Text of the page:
This is very simple calculation.If you doubt cell,
.Suddenly 3.0amp current increased to 9amps.That means kokam cell generates 6amp current to the charger from the 1.8A capacity.
IT is a great discovery that during the charging the cell generated the power to the energy source!!
Something very strange thing happened around DNA. After reading all your thread about kokam, i realized you don't like kokam lipo. I kindly ASKED FRED TO SEND KOKAM LIPO 402 CHARGER TO YOU.DID YOU RECEIVED OR NOT? IF NOT,IT WILL BE UNDER WAY.I am a fortune teller for longtime.
However I appreciate for your notice of safety.kokam cell is very very safe battery if you use right charger with right set up.
If you are kind,pls send swelled samples to FMA.They will send it back to kokam to analize the gas inside(we have fart engineer like your job) and electrode analysis.we can clearly determine the reason what happened.
|Jan 28, 2003, 08:15 PM|
Like I said, this same thing happened to me at .8c (800ma) on a 1020 pack. So the rate is not the total issue here, unless .8c is too fast also. The pack was at 7.8 volts to start and rose to 8.5 before I stopped it.
|Jan 28, 2003, 08:44 PM|
My Ginzel is doing well with my Kokams (so far). I do notice that it is very static sensitive. Several times I have touched the charger or cells being charged by it and the display will go blank or have strange characters on it. Of course, I am there doing the touching so I reset the charger. Don't knbow what it is doing to the battery when this happens. I also noticed the rapid voltage increase if there is a bad connection to the battery. I reset my charger before reconnecting. Wonder if the current goes up after
the connection becomes good again?
|Jan 28, 2003, 11:17 PM|
This is a statement from my first post.
"At about the 40 minute mark I noticed the charge rate was down to
100ma and the cells were at 8.37 volts"
The charger acted normally just as it always has when charging Li-ions,
by decreasing the charge current while maintaining the voltage at 8.3 volts.
The charge may have started at 3 amps (3C) but at 40 minutes was down to
0.1amp (100ma is not 3C) and I was getting ready to remove the cells from
the charger since they were nearly finished, when the charger settings changed
for no reason that I know of. To say I was shocked to the see the new settings
would be an understatement. I thought that maybe the display numbers had
frozen, which is why I didn't disconnect the cells. Then I saw the lipos starting
to swell and immediately unplugged them.
It may very well be a charger glitch, but it has been a very reliable charger
for quite a while now. It's just that this has never happened before on any of
the many other cells that I have used it with, and I still don't know what may
have caused the glitch this time.
No, I have never tried to charge a Li-ion pack at 3C because I have never read
that it was safe. I have read comments on Ezone about safely charging the
kokams at 3C to shorten the charging time.
I have charged other 1020 kokam cells on the same charger at least 25 times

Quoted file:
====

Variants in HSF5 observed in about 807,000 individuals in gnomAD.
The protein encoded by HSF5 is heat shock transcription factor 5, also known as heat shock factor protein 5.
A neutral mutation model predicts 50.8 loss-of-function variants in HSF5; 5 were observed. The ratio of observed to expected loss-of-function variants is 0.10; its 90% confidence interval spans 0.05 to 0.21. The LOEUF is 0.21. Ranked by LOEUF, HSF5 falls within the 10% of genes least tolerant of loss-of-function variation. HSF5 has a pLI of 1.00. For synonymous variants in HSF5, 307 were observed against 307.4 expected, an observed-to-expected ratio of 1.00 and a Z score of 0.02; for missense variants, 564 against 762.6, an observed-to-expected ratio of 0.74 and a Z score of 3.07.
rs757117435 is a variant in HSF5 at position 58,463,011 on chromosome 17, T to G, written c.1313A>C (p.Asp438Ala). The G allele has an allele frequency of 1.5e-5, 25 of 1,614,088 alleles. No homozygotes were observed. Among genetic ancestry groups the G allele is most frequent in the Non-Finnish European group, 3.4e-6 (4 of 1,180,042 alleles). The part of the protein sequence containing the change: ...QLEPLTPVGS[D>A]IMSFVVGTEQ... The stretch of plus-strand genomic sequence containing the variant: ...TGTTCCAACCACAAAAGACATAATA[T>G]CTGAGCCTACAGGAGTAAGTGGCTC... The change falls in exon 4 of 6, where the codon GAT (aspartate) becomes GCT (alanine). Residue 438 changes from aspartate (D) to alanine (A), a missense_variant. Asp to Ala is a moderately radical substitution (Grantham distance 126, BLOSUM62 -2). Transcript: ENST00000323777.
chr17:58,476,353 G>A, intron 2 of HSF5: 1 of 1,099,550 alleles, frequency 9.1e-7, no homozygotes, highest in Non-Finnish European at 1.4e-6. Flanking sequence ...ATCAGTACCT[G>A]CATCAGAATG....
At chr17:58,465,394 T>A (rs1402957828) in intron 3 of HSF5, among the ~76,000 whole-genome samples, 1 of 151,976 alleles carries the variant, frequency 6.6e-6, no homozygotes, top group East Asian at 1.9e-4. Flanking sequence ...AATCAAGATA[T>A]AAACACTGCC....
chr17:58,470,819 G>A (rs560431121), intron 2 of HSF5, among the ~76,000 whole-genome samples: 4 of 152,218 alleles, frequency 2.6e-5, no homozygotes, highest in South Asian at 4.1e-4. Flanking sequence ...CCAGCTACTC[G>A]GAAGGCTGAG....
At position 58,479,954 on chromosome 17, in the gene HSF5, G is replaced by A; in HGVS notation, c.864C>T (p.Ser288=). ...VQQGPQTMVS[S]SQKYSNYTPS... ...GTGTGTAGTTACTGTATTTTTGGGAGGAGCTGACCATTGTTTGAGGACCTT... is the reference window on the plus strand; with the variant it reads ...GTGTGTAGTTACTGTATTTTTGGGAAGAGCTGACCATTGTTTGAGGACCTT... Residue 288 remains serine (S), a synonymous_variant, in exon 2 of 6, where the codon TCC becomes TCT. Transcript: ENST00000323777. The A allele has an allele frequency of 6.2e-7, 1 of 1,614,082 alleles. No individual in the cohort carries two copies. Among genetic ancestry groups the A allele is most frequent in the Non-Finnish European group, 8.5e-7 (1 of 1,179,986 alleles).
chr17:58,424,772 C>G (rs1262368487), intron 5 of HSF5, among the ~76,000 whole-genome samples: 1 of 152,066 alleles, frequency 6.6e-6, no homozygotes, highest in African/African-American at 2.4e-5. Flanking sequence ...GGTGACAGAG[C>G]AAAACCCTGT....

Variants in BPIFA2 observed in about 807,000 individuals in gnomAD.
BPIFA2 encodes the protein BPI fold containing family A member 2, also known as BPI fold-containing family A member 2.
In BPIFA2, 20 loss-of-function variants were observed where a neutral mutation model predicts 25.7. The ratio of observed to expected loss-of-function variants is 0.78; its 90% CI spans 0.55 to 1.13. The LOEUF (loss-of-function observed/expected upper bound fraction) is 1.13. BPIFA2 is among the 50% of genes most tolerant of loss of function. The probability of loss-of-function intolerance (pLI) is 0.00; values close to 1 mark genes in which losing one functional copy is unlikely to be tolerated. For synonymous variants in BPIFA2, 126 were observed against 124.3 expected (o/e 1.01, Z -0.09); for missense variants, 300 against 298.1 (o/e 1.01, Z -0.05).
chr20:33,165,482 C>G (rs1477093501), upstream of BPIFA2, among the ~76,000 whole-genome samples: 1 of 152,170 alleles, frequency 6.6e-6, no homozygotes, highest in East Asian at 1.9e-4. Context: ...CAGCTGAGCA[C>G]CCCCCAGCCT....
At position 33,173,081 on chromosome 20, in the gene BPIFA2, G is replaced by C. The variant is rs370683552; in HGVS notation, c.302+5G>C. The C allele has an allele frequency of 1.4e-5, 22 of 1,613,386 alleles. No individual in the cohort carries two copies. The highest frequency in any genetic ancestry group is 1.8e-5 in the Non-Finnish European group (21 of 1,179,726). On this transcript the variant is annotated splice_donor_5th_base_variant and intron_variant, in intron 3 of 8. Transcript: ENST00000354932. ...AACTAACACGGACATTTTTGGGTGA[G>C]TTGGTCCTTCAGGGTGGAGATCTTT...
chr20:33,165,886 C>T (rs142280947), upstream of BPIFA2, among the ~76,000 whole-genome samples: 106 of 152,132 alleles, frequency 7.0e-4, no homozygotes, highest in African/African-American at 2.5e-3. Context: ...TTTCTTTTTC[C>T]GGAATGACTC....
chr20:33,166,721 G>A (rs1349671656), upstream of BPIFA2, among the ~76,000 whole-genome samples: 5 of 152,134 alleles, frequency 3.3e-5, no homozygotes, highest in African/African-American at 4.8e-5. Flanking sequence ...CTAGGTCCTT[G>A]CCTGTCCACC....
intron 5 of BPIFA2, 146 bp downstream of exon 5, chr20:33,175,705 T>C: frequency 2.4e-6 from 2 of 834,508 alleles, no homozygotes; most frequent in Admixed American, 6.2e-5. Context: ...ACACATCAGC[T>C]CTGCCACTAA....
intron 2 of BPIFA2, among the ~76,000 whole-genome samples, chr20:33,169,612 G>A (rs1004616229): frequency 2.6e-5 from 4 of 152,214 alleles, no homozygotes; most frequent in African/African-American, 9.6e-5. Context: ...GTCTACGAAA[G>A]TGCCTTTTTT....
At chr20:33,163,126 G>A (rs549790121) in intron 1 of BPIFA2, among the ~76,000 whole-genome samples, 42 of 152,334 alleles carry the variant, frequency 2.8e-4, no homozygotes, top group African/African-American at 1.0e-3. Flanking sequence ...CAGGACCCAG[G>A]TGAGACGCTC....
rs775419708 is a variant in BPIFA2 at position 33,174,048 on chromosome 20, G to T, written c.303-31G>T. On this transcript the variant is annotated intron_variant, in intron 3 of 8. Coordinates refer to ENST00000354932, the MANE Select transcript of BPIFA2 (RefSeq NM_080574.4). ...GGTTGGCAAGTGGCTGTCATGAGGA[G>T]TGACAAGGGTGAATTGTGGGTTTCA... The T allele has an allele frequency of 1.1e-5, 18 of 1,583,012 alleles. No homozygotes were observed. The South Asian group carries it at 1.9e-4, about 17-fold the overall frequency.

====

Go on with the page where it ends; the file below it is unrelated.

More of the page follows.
at rates of 1C to 2C and have never experienced any problems with those cells.
It was only the two cells that were not performing well that I had a problem with.
The cells had been discharged to 5.9 volts. After sitting for about 5 minutes, I
measured the voltage on each cell separately and found 3.17 v and 3.19 v.
So I put them on to charge at 3 amps and everything went fine for the first 40
minutes, with the 3 amps gradually decreasing to the 100ma mentioned above.
The pack only swelled about 1/8" when it was disconnected and taken outside
to a cold garage floor. It is slowly returning to normal with the swelling receding.
No, I have not received a kokam 402 charger, but another ezone member who
wasn't expecting to receive one was surprised when he did. Maybe you sent it
to the wrong person.
JJ, I never said I didn't like kokam cells and I have bought several of them to
compare to my Li-ion cells. I may disagree with some of the posts being presented
about them, but that's my job, to smell out the bad farts and make them smellable
to others, so they don't get the wrong impression. If you would like me to send the
cells in for additional fart analysis, just let me know when and where.
|Jan 29, 2003, 07:45 AM|
Joined Jan 2002
"It may very well be a charger glitch, but it has been a very reliable charger for quite a while now. It's just that this has never happened before on any of the many other cells that I have used it with, and I still don't know what may have caused the glitch this time." - DNA
Having been reliable for a period of time leads one to believe a device remains reliable, but the opposite MAY (I emphasize, may - it's pure speculation on my part, absent evidence) be true.
It is known that vital components in a wide range of products sometimes fail short of their usuful life expectancy. For example, automobiles are often recalled after being on the road for a period of years, when latent defects show up.
Why not send the cells to JJ, and the charger to Ginzel?
There is a reason, or reasons, for the failure, and the respective manufacturers are in the best position to figure it out.